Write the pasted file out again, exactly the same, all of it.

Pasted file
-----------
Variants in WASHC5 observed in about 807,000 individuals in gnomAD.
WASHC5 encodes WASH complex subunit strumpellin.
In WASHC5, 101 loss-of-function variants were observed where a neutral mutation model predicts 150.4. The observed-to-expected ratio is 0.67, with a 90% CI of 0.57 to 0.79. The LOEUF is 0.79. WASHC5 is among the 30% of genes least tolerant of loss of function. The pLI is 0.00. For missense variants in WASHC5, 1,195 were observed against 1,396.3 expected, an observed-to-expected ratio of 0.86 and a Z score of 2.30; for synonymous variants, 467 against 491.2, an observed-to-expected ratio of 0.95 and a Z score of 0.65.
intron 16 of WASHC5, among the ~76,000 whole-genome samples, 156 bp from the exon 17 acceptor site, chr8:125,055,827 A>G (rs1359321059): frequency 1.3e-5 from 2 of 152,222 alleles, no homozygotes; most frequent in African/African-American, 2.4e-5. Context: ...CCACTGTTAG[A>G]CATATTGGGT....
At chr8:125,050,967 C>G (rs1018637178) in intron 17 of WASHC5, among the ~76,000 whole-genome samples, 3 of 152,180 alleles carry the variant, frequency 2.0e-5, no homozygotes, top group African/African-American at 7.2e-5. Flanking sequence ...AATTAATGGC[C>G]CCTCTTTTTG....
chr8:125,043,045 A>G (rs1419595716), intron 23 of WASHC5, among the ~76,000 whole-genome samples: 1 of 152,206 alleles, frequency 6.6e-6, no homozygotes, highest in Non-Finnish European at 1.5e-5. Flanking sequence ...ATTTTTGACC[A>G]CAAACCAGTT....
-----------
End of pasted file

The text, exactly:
Variants in WASHC5 observed in about 807,000 individuals in gnomAD.
WASHC5 encodes WASH complex subunit strumpellin.
In WASHC5, 101 loss-of-function variants were observed where a neutral mutation model predicts 150.4. The observed-to-expected ratio is 0.67, with a 90% CI of 0.57 to 0.79. The LOEUF is 0.79. WASHC5 is among the 30% of genes least tolerant of loss of function. The pLI is 0.00. For missense variants in WASHC5, 1,195 were observed against 1,396.3 expected, an observed-to-expected ratio of 0.86 and a Z score of 2.30; for synonymous variants, 467 against 491.2, an observed-to-expected ratio of 0.95 and a Z score of 0.65.
intron 16 of WASHC5, among the ~76,000 whole-genome samples, 156 bp from the exon 17 acceptor site, chr8:125,055,827 A>G (rs1359321059): frequency 1.3e-5 from 2 of 152,222 alleles, no homozygotes; most frequent in African/African-American, 2.4e-5. Context: ...CCACTGTTAG[A>G]CATATTGGGT....
At chr8:125,050,967 C>G (rs1018637178) in intron 17 of WASHC5, among the ~76,000 whole-genome samples, 3 of 152,180 alleles carry the variant, frequency 2.0e-5, no homozygotes, top group African/African-American at 7.2e-5. Flanking sequence ...AATTAATGGC[C>G]CCTCTTTTTG....
chr8:125,043,045 A>G (rs1419595716), intron 23 of WASHC5, among the ~76,000 whole-genome samples: 1 of 152,206 alleles, frequency 6.6e-6, no homozygotes, highest in Non-Finnish European at 1.5e-5. Flanking sequence ...ATTTTTGACC[A>G]CAAACCAGTT....